It is no secret that contemporary American society continues to be embroiled in conversations about race and interracial tensions. America has a blemished history as it pertains to historical racial injustices and that history’s reverberations continue to resound today. 

However, as I look at the complicated issues here in the United States as they relate to prejudice and the tendency to segregate, I find myself seeing these current issues through the lens of our experience having lived abroad in the Middle East. And the tensions we encountered there led me to a deeper sense of why it is so important for the church to lead the way in exhibiting a reconciliation between people who share in the same blood of Christ despite bearing different tones of skin.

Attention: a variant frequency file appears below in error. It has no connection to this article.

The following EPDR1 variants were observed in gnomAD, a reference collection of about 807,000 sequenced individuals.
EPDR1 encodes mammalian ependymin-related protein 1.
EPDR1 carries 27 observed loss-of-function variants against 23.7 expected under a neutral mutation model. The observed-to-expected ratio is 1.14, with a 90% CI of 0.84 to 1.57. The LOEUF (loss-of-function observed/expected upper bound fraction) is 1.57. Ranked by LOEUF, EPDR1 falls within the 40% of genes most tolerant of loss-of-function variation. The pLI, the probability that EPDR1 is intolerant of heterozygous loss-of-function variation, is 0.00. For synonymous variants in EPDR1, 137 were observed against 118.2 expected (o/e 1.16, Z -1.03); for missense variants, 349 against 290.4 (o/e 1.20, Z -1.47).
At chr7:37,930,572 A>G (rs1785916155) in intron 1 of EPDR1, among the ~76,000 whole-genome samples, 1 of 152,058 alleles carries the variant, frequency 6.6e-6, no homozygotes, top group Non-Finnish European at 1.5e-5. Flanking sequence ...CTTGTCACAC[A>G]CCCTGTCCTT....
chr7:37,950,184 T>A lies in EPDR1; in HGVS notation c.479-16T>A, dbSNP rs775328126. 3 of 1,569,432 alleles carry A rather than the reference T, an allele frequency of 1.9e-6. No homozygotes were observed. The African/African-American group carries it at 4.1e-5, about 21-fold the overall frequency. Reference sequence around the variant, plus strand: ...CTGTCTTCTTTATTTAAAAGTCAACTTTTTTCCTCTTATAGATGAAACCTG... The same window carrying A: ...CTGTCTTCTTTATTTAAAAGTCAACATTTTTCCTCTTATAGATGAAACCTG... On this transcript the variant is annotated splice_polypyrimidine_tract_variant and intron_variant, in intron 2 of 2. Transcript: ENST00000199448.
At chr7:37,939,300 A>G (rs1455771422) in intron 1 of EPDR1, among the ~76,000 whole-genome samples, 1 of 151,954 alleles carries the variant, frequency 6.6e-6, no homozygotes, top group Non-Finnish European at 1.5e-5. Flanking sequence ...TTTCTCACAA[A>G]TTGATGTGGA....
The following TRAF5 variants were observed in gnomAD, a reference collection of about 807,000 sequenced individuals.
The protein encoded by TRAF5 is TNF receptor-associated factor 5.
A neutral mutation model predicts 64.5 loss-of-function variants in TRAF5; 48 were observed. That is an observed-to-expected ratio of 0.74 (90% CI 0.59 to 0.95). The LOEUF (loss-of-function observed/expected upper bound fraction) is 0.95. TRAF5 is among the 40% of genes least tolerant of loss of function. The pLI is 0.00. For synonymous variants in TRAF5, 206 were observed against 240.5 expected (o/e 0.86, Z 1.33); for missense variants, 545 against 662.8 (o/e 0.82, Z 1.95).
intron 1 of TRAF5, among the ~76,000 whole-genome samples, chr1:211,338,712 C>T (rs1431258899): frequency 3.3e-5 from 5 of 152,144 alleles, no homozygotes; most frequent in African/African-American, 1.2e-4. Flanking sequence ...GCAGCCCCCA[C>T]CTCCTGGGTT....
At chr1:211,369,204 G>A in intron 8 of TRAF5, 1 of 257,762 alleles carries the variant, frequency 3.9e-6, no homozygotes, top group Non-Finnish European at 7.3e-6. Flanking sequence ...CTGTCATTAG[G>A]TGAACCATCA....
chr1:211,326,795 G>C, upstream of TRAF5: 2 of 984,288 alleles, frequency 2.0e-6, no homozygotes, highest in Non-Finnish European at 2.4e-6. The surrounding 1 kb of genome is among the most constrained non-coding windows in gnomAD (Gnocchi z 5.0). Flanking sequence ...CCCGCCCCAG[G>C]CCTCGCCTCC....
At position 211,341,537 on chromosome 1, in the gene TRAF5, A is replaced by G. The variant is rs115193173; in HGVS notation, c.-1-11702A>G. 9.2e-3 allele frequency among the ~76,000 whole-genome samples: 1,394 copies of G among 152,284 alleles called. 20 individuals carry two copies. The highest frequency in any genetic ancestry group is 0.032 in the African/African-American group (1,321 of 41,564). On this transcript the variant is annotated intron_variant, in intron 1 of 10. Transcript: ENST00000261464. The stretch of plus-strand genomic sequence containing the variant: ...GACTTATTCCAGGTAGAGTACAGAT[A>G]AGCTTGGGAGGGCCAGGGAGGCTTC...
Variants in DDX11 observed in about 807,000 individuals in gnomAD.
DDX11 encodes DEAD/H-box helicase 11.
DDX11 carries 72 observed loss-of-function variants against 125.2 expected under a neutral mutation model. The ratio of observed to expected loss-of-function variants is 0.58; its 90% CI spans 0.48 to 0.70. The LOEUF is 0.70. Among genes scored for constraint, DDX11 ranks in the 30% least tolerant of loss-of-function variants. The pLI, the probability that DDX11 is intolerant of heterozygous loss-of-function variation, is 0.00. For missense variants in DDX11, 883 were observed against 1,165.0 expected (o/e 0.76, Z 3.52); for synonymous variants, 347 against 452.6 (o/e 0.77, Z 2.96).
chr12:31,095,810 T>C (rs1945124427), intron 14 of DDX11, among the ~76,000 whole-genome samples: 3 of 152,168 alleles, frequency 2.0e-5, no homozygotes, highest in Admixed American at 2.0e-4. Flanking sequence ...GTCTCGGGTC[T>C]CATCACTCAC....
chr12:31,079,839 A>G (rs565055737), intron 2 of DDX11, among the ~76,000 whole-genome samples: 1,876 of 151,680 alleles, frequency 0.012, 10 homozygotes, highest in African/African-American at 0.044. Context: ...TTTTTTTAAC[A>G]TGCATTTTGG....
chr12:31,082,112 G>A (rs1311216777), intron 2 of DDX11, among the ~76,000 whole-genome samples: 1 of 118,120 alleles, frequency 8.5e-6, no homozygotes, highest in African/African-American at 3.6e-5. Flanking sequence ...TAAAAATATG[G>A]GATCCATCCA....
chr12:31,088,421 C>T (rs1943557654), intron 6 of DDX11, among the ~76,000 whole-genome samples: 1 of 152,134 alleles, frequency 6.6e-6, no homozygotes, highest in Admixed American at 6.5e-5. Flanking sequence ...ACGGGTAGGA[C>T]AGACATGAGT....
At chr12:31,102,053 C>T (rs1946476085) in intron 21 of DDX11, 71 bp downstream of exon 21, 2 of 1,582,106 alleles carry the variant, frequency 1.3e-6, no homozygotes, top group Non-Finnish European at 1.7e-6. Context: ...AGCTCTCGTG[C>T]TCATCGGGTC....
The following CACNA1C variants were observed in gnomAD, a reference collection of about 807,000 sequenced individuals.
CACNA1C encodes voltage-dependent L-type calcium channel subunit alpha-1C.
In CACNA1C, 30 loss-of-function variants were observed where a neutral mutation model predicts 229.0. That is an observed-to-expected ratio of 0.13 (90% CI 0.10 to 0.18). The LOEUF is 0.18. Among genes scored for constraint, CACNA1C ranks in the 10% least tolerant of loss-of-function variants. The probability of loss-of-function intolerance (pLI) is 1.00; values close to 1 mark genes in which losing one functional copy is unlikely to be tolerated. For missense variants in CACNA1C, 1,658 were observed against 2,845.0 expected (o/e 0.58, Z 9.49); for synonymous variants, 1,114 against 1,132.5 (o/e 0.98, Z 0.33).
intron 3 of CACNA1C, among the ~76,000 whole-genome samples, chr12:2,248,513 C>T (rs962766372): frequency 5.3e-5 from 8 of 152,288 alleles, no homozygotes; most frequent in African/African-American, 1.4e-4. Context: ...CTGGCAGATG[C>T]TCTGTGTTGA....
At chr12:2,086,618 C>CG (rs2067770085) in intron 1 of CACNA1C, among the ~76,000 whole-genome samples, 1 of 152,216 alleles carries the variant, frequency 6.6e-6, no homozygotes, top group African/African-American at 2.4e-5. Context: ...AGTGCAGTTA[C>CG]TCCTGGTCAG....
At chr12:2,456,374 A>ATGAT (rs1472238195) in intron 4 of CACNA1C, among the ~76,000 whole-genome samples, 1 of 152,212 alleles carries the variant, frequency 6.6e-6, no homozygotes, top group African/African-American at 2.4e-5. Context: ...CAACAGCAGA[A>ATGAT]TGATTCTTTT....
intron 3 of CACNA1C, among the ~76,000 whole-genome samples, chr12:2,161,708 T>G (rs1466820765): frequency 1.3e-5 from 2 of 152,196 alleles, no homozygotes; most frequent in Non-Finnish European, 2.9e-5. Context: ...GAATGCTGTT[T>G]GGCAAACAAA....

On the mission field 

One of the problems we faced in our ministry in the Middle East was how best to help believers from a Muslim background enter into fellowship with those from a Christian background. As I sought outside counsel, I was told by a well-respected missionary strategist, “You should just start two different kinds of churches—one for Muslim background believers and one for Christian background believers. It will slow things down too much if these new believers have to work through all the historical and cultural baggage that comes from bringing former persecutors into the community they persecuted.”